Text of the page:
Montcalm Community College seeking nursing accreditation

By Cory Smith • Last Updated 8:34 am on Thursday, December 15, 2011

A Montcalm Community College nursing student checks a senior citizen’s blood pressure during a November event where nursing students gave foster grandparents a required physical. — File photo

SIDNEY — Montcalm Community College’s (MCC) nursing program is getting a major overhaul heading into the 2012 spring semester.

MCC has reworked the curriculum in the nursing program to help both the students and the program itself to be more efficient with a better chance of job placement in today’s market.
The college hopes to have the program become nationally accredited through the National League of Nursing by the fall of 2012.

“That program requires us to keep the nursing curriculum under 74 total course credits,” Vice President for Academic Affairs Robert Spohr told the college’s Board of Trustees on Tuesday.
That number is down 22 credits from 96 under the previous curriculum.

Spohr said he believes the reduction in credits should lessen students’ workloads.

“We combined certain classes and we got rid of some and checked to make sure all the classes students are taking are absolutely necessary,” he said.

The new curriculum will begin Jan. 12 — the start of the spring semester. The national accreditation process will begin on July 1.

Spohr said there’s a “huge” reason the college decided to apply for national accreditation for its nursing program.

“Somebody who comes out of our previous program, they become an ADN (Associate Degree in Nursing), they receive their state certification, but they can’t go state-to-state when looking for work,” he said. “You can be an ADN in Michigan, but not in other states with a degree from Michigan. Under the nationally accredited program, students will have the opportunity to pursue a career outside the state of Michigan without any problem.”

Spohr said the changes have been in motion since the summer of 2010 and the staff has handled the change very well.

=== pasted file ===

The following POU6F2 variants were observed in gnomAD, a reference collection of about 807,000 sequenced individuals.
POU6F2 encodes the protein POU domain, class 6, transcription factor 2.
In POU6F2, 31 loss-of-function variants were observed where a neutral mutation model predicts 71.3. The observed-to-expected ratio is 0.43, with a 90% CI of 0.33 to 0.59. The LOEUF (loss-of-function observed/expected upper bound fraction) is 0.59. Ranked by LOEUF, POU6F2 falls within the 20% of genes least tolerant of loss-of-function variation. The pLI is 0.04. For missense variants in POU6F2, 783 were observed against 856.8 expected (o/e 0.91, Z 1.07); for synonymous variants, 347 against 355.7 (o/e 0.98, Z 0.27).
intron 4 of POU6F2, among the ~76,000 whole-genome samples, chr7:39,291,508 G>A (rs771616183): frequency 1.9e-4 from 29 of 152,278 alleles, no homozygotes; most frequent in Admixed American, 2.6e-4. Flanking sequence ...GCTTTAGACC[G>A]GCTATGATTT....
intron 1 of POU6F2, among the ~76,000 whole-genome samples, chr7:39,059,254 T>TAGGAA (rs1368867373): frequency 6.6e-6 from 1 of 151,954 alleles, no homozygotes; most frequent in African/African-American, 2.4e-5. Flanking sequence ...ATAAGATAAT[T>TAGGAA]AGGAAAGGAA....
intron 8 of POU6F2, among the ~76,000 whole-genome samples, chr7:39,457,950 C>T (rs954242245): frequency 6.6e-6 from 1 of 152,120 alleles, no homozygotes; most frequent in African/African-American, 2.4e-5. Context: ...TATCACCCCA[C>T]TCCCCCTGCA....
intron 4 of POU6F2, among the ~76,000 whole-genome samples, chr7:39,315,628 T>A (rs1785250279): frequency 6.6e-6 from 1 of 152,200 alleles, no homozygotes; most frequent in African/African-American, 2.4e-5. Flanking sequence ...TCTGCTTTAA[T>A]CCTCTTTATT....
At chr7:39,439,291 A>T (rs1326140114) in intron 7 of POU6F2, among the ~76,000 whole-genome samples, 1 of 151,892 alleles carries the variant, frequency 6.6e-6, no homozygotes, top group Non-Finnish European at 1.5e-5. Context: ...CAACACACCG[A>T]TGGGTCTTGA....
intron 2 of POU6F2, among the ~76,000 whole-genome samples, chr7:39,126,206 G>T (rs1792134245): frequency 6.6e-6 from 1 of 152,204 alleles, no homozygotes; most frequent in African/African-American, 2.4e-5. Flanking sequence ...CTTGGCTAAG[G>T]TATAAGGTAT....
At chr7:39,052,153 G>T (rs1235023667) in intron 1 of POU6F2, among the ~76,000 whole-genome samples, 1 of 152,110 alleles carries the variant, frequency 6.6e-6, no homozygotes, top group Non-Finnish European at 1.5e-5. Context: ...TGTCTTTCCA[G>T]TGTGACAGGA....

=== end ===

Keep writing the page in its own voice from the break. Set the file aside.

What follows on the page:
“These are changes that I’m really glad we’re making,” he said. “The nursing faculty has been working very hard to make this happen. We still have to juggle students completing the previous program, who are not on the new curriculum. But we also have a third group of students who are shifting from the old curriculum to the new one.”

Spohr said the issue of the program waiting list was another reason the college decided to pursue national accreditation and a new curriculum.

“We admit 40 students per semester and it is a two-year program,” he said. “When it became time to seat the next class, we’d have to go down this huge list. Sometimes a student who was number 150 on the list would be the 20th person ready to get in.”

Now students can’t get on the waiting list until their 32.5 general education credits are complete. Those come from 10 classes, including biology, math and chemistry.

Students also have three nursing classes required as prerequisites to enter the program totaling at 4 credits.

College Trustee Carol Deuling-Ravell believes the number of students on the wait list will shrink eventually.

“Pessimistically, we’re telling students it’s a two-year wait,” Deuling-Ravell said. “Personally, I think that figure will be more like a year and a half. By the time we get to that year and a half, we’re going to have a pretty good group of pre-nursing certificate students waiting in the balance. I think the group that’s waiting is going to get a little bit smaller.”

Spohr said the transition has been going smoothly and is fully confident the nursing program will be nationally accredited when the college applies later this summer.

“The state of Michigan board of nursing is pushing all colleges to go toward NLN, because once you do that they also realize it’s transferable. We’re trying to get ahead of the curve in doing this. I think we’re a little further ahead of other colleges in this position, because our curriculum is already adjusted and in place for this next semester.”

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